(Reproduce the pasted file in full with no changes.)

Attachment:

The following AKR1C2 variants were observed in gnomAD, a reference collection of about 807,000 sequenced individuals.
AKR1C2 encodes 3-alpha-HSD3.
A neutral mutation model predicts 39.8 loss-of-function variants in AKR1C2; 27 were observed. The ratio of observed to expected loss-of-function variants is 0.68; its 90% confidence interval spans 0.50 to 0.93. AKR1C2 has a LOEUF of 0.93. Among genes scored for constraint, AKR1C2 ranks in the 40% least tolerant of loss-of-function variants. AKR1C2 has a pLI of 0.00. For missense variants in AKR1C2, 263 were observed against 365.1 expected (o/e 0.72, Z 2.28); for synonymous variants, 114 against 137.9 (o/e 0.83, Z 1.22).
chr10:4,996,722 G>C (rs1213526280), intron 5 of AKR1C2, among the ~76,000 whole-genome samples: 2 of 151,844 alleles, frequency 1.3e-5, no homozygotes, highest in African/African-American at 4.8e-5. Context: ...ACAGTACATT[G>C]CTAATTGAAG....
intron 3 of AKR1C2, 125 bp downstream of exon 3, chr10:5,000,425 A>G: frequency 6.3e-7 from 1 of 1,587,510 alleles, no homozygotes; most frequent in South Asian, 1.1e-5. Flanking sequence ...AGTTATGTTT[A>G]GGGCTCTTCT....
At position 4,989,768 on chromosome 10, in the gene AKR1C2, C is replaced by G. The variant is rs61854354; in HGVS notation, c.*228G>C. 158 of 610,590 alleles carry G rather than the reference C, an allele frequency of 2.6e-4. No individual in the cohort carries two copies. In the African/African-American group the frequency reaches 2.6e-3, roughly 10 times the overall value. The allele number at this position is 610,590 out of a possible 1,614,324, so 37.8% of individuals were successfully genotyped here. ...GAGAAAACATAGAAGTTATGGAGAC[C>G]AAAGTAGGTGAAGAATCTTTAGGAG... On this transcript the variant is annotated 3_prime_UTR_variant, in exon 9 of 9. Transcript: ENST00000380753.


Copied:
The following AKR1C2 variants were observed in gnomAD, a reference collection of about 807,000 sequenced individuals.
AKR1C2 encodes 3-alpha-HSD3.
A neutral mutation model predicts 39.8 loss-of-function variants in AKR1C2; 27 were observed. The ratio of observed to expected loss-of-function variants is 0.68; its 90% confidence interval spans 0.50 to 0.93. AKR1C2 has a LOEUF of 0.93. Among genes scored for constraint, AKR1C2 ranks in the 40% least tolerant of loss-of-function variants. AKR1C2 has a pLI of 0.00. For missense variants in AKR1C2, 263 were observed against 365.1 expected (o/e 0.72, Z 2.28); for synonymous variants, 114 against 137.9 (o/e 0.83, Z 1.22).
chr10:4,996,722 G>C (rs1213526280), intron 5 of AKR1C2, among the ~76,000 whole-genome samples: 2 of 151,844 alleles, frequency 1.3e-5, no homozygotes, highest in African/African-American at 4.8e-5. Context: ...ACAGTACATT[G>C]CTAATTGAAG....
intron 3 of AKR1C2, 125 bp downstream of exon 3, chr10:5,000,425 A>G: frequency 6.3e-7 from 1 of 1,587,510 alleles, no homozygotes; most frequent in South Asian, 1.1e-5. Flanking sequence ...AGTTATGTTT[A>G]GGGCTCTTCT....
At position 4,989,768 on chromosome 10, in the gene AKR1C2, C is replaced by G. The variant is rs61854354; in HGVS notation, c.*228G>C. 158 of 610,590 alleles carry G rather than the reference C, an allele frequency of 2.6e-4. No individual in the cohort carries two copies. In the African/African-American group the frequency reaches 2.6e-3, roughly 10 times the overall value. The allele number at this position is 610,590 out of a possible 1,614,324, so 37.8% of individuals were successfully genotyped here. ...GAGAAAACATAGAAGTTATGGAGAC[C>G]AAAGTAGGTGAAGAATCTTTAGGAG... On this transcript the variant is annotated 3_prime_UTR_variant, in exon 9 of 9. Transcript: ENST00000380753.